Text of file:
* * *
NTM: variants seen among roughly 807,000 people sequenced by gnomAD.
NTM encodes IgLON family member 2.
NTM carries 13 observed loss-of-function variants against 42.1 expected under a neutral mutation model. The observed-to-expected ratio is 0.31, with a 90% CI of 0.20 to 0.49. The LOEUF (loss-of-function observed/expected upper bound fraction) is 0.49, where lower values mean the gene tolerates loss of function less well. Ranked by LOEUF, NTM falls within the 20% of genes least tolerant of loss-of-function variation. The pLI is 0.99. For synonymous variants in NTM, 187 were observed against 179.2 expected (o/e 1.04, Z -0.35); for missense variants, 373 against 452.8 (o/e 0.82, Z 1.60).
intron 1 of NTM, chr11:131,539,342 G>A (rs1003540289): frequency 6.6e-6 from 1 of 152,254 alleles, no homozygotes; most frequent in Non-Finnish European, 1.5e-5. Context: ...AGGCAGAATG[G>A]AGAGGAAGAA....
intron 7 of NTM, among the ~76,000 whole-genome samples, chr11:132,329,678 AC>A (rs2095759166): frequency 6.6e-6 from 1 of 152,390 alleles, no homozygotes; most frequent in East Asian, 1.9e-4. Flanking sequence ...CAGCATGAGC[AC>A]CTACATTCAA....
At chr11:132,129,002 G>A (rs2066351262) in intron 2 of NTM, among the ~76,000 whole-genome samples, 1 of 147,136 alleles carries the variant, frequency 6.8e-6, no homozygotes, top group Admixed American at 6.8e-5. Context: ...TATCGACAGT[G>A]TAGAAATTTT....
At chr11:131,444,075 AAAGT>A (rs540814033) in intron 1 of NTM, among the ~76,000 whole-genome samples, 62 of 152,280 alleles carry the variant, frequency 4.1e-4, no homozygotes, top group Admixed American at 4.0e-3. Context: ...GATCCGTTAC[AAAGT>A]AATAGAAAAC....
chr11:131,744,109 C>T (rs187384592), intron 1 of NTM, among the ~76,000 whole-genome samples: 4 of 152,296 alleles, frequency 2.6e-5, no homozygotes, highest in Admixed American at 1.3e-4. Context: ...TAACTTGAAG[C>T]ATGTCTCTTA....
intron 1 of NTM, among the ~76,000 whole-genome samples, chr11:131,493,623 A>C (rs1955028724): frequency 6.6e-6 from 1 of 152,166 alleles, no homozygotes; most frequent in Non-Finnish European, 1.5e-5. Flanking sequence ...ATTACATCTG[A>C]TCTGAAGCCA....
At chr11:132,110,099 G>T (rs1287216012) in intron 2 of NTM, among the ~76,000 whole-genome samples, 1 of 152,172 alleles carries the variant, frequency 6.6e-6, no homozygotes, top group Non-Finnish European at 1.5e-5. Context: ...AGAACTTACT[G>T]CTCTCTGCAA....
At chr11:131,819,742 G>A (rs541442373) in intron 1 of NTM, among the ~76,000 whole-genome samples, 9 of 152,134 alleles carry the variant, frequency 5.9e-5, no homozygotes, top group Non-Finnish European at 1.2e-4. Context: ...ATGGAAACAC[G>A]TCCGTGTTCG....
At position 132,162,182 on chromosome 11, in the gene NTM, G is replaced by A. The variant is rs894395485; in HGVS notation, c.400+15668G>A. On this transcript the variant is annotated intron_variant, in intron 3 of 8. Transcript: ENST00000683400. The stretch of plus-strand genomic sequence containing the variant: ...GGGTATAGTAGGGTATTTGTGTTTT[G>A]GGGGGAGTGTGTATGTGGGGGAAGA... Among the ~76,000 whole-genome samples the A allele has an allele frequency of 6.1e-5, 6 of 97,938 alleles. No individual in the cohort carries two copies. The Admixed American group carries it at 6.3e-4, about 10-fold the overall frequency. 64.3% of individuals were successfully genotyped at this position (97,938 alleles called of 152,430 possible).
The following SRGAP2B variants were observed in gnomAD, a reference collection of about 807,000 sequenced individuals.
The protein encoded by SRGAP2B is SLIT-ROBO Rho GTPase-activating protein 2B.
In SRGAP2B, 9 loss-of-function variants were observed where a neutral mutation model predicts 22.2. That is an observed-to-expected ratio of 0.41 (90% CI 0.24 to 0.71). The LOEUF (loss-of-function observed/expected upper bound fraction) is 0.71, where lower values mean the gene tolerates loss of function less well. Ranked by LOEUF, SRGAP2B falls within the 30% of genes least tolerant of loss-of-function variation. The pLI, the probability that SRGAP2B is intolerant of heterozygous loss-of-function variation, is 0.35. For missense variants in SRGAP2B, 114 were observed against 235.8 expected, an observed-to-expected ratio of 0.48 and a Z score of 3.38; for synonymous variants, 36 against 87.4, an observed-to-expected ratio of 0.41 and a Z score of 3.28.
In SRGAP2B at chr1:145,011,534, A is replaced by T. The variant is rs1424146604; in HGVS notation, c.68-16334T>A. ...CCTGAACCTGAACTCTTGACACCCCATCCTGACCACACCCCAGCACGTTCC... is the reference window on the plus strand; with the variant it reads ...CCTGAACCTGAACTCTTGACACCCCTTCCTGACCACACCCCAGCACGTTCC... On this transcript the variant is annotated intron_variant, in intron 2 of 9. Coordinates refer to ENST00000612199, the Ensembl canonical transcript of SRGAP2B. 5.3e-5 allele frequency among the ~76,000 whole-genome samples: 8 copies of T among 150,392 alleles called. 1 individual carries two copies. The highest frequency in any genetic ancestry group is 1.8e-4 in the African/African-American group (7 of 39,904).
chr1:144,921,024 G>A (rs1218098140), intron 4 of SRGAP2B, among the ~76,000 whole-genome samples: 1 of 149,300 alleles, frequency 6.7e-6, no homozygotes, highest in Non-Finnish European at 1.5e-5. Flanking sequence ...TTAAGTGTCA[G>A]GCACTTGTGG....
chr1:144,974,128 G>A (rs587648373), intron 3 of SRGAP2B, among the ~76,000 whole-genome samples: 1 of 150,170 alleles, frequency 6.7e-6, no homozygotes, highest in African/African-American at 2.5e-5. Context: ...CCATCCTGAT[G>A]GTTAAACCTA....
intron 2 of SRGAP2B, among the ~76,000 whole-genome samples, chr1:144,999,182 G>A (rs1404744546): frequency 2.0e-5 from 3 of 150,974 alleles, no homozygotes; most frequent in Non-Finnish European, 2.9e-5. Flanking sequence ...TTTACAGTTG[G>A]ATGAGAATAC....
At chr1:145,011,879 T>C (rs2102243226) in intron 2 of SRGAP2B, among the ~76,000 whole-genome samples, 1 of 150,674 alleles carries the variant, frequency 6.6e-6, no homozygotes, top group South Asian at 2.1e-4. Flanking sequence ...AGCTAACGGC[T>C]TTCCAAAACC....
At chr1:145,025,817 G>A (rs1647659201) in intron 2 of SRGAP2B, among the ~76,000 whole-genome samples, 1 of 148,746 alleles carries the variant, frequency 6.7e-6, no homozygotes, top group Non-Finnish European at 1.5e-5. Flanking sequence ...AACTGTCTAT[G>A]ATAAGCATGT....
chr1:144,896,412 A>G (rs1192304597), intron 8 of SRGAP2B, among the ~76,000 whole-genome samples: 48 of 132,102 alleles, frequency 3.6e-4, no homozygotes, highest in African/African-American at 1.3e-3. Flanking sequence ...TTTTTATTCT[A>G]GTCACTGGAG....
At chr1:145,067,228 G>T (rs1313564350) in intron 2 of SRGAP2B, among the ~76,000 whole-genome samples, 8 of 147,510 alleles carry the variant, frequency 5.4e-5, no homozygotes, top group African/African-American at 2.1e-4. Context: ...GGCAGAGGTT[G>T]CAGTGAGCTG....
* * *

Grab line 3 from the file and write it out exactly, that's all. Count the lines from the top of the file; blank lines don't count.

NTM carries 13 observed loss-of-function variants against 42.1 expected under a neutral mutation model. The observed-to-expected ratio is 0.31, with a 90% CI of 0.20 to 0.49. The LOEUF (loss-of-function observed/expected upper bound fraction) is 0.49, where lower values mean the gene tolerates loss of function less well. Ranked by LOEUF, NTM falls within the 20% of genes least tolerant of loss-of-function variation. The pLI is 0.99. For synonymous variants in NTM, 187 were observed against 179.2 expected (o/e 1.04, Z -0.35); for missense variants, 373 against 452.8 (o/e 0.82, Z 1.60).